Intended for healthcare professionals

Research Article

Glucocorticoid receptors and depression.

Br Med J (Clin Res Ed) 1986; 292 doi: (Published 29 March 1986) Cite this as: Br Med J (Clin Res Ed) 1986;292:859
  1. L J Whalley,
  2. N Borthwick,
  3. D Copolov,
  4. H Dick,
  5. J E Christie,
  6. G Fink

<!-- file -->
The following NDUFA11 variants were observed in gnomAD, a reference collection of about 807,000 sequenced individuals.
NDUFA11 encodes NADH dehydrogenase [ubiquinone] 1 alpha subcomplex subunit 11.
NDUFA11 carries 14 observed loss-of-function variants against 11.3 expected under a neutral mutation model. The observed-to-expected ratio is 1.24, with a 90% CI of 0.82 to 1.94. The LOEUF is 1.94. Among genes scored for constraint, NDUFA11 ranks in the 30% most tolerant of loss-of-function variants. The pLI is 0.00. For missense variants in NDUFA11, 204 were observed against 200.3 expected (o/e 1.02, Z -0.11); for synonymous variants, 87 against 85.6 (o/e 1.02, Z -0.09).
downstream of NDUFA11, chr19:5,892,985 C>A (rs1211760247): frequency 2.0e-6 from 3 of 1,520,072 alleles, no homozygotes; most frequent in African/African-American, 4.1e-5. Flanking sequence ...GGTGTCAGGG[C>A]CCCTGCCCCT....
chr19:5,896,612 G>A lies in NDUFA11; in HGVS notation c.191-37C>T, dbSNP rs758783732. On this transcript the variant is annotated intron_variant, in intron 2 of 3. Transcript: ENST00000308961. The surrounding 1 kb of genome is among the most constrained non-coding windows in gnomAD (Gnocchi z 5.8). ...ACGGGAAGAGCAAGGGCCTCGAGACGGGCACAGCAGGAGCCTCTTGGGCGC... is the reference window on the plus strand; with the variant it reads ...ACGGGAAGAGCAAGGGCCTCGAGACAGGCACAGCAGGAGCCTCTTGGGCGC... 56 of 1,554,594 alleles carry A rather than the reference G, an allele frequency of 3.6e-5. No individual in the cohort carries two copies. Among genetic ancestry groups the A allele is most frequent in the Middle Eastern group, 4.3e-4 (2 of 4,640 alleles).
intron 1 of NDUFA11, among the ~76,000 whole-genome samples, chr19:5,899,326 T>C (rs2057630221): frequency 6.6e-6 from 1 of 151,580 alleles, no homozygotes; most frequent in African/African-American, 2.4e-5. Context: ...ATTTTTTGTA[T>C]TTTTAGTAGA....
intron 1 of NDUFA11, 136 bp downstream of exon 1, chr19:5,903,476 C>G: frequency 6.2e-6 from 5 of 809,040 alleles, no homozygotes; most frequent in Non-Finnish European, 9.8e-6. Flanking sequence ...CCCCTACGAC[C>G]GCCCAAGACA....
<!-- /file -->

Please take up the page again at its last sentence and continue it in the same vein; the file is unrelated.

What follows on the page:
The number of glucocorticoid receptor sites in lymphocytes was estimated and plasma cortisol concentrations measured in 17 depressed patients, 12 patients with chronic schizophrenia, and 31 healthy control subjects. The number of receptor sites was significantly lower in the depressed patients than in either the controls or the patients with chronic schizophrenia, but there were no differences between the groups in the dissociation constants of the glucocorticoid receptors or the plasma cortisol concentrations. When two control subjects were studied intensively over 28 hours a slight diurnal variation in the number of glucocorticoid receptors was detected. The lower numbers of glucocorticoid receptors in the lymphocytes of depressed patients may explain why such patients, who often have hypercortisolaemia, do not show the clinical features of excess production of cortisol.